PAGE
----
Using the API with Silverlight


Silverlight is a Microsoft framework that enables developers to build Rich Internet Applications (RIAs) using the same .NET framework and programming languages they are used to using in typical .NET applications. Because of its strong integration with browsers as well as with images and other media, it is a very interesting client for building applications using the Bing API .

Like JSON applications that live in the browser, Silverlight applications can’t typically invoke services (raw HTTP or SOAP) on domains other than the domain from which the Silverlight application is downloaded. But because Bing API publishes a crossdomain policy file at the root of its domain ( that allows RIAs like Silverlight to access its endpoints, it is possible to use the API from Silverlight.

Because Silverlight is really a .NET programming environment, the choices for API invocation are the same as the earlier .NET examples (although Silverlight also has a JSON-parsing object model). You can either use the raw HTTP XML interface or use the SOAP interface. The only difference is that, because Silverlight runs in the browser, the APIs we use are all asynchronous rather than synchronous. Example 10 shows code running inside of a Silverlight application that calls the HTTP XML interface.

Example 10: Using the HTTP XML Interface from Silverlight

WebClient wc = new WebClient();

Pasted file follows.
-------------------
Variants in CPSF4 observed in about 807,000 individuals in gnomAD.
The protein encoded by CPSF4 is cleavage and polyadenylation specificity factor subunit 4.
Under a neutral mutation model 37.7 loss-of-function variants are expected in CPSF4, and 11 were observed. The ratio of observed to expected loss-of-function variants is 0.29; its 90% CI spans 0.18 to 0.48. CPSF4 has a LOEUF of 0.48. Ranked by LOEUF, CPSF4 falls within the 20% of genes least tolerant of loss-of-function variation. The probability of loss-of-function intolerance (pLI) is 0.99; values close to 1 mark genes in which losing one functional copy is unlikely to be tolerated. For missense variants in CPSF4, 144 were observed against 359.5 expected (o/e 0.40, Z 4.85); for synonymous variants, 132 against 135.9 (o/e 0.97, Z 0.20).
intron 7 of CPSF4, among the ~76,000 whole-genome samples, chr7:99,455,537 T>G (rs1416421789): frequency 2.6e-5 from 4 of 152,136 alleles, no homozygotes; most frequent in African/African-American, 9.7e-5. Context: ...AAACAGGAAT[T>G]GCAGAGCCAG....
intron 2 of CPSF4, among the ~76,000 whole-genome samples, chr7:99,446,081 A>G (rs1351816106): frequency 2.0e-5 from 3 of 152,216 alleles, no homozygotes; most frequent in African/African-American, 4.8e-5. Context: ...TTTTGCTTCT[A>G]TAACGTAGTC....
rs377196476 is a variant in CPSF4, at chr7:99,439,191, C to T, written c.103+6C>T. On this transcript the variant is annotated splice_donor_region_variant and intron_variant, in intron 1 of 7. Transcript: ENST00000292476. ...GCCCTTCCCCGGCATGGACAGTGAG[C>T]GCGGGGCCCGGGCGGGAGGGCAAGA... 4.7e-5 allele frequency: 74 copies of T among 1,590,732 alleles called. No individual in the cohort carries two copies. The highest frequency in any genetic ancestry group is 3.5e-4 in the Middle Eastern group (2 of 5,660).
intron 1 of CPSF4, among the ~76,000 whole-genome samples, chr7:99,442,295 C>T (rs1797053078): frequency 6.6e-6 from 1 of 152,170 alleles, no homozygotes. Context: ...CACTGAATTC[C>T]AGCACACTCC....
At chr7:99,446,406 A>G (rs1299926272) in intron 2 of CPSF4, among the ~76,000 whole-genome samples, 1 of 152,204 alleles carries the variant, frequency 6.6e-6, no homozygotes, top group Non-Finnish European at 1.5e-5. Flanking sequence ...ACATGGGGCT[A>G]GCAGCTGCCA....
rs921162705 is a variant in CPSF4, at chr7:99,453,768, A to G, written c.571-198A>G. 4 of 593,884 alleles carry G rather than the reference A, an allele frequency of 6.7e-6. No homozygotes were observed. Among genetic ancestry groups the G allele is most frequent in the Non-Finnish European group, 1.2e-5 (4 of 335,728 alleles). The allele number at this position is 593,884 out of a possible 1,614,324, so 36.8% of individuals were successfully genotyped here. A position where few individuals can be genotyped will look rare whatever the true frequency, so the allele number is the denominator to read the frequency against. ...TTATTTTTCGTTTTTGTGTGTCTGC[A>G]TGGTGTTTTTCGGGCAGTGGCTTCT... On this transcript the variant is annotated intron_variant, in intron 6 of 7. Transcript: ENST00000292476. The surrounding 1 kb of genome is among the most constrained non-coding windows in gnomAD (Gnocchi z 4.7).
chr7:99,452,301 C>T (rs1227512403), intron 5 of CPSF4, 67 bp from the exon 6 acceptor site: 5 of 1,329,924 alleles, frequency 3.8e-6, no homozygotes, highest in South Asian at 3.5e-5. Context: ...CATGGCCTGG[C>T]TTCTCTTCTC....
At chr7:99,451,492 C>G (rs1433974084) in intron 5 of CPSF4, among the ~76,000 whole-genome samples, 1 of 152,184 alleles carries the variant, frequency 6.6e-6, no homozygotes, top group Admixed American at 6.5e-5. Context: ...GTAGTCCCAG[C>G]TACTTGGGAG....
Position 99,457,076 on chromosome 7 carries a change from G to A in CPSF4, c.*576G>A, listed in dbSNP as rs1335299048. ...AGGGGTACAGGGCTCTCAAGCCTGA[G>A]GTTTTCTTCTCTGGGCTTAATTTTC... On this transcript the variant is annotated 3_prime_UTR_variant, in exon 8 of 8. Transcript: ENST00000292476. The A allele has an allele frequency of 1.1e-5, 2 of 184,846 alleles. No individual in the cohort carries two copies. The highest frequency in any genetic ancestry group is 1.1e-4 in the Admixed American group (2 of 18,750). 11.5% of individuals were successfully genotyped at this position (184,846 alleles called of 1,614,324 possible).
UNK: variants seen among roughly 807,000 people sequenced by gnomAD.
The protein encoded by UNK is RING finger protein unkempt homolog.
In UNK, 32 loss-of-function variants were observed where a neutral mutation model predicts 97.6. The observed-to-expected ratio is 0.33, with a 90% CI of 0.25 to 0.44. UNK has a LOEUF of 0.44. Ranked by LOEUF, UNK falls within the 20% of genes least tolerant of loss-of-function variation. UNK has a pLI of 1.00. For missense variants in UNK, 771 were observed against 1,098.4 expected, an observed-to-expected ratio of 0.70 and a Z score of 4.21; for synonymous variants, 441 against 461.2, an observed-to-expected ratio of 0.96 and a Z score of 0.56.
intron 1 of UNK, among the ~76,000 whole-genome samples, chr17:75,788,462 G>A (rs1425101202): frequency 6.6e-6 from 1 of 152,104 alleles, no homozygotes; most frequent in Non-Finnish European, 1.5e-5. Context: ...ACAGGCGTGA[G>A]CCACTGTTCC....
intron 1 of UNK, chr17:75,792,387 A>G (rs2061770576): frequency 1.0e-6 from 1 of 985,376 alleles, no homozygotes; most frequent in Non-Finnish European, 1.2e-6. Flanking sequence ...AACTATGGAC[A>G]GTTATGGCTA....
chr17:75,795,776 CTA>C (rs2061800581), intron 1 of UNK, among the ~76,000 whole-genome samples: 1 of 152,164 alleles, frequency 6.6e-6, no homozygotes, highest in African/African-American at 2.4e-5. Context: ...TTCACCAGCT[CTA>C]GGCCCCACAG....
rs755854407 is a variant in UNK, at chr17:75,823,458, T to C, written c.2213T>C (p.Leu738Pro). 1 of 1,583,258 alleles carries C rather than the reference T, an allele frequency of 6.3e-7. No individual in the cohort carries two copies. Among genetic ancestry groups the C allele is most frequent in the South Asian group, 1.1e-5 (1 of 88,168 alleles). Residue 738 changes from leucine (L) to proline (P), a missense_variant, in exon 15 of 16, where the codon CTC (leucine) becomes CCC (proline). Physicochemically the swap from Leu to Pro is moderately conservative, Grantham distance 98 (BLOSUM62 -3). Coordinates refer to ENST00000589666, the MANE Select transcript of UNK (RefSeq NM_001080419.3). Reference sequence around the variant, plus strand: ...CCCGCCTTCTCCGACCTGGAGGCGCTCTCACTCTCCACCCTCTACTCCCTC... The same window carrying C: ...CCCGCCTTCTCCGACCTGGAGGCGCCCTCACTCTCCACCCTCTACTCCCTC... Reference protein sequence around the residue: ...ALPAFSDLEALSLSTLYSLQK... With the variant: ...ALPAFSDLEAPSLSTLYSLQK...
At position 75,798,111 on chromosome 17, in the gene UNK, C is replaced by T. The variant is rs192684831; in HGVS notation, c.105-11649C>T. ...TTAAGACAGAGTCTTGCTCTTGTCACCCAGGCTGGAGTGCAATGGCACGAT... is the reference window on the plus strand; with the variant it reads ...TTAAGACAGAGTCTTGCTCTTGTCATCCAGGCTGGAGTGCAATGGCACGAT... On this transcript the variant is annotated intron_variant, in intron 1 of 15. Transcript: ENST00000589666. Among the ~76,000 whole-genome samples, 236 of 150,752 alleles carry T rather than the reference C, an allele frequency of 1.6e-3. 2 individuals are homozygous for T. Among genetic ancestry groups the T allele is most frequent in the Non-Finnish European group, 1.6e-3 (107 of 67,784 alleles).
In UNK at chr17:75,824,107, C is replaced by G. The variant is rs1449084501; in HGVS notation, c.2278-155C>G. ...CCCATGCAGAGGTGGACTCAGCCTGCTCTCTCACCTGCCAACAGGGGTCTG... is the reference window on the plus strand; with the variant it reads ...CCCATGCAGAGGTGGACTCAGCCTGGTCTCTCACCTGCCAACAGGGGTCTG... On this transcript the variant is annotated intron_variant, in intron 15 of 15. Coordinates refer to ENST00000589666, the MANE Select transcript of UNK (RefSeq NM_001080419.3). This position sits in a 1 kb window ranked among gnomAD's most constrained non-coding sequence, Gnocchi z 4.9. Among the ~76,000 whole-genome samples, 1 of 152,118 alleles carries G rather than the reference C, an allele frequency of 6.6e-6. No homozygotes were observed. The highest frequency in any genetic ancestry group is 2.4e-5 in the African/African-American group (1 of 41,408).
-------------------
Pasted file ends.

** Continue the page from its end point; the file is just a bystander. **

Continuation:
wc.OpenReadCompleted += new OpenReadCompletedEventHandler(wc_OpenReadCompleted);
item.CurrentQuery = p;
item.Uri = 
new Uri(String.Format(_baseURI, AppId, "image", "sushi"));
wc.OpenReadAsync(item.Uri, item);

The difference between the .Net code show in Example 5 and the .Net code in Example 10 is that we are using the Silverlight WebClient type to simplify the HTTP programming model even further. To get the results, we need to set the WebClient.OpenReadCompleted delegate. When the request is finished, the WebClient will call our wc_OpenReadCompleted method. Example 11 shows this method.

Example 11: WebClient callback

void wc_OpenReadCompleted(object sender, OpenReadCompletedEventArgs e)
    Stream streamResult = e.Result;
    XDocument xd = XDocument.Load(XmlReader.Create(streamResult));
    //use the XDocument

In Example 11 we are again using XDocument, part of the XLINQ programming model, which is available in Silverlight. This allows us to build a collection of strongly-typed objects to data bind against a Silverlight control.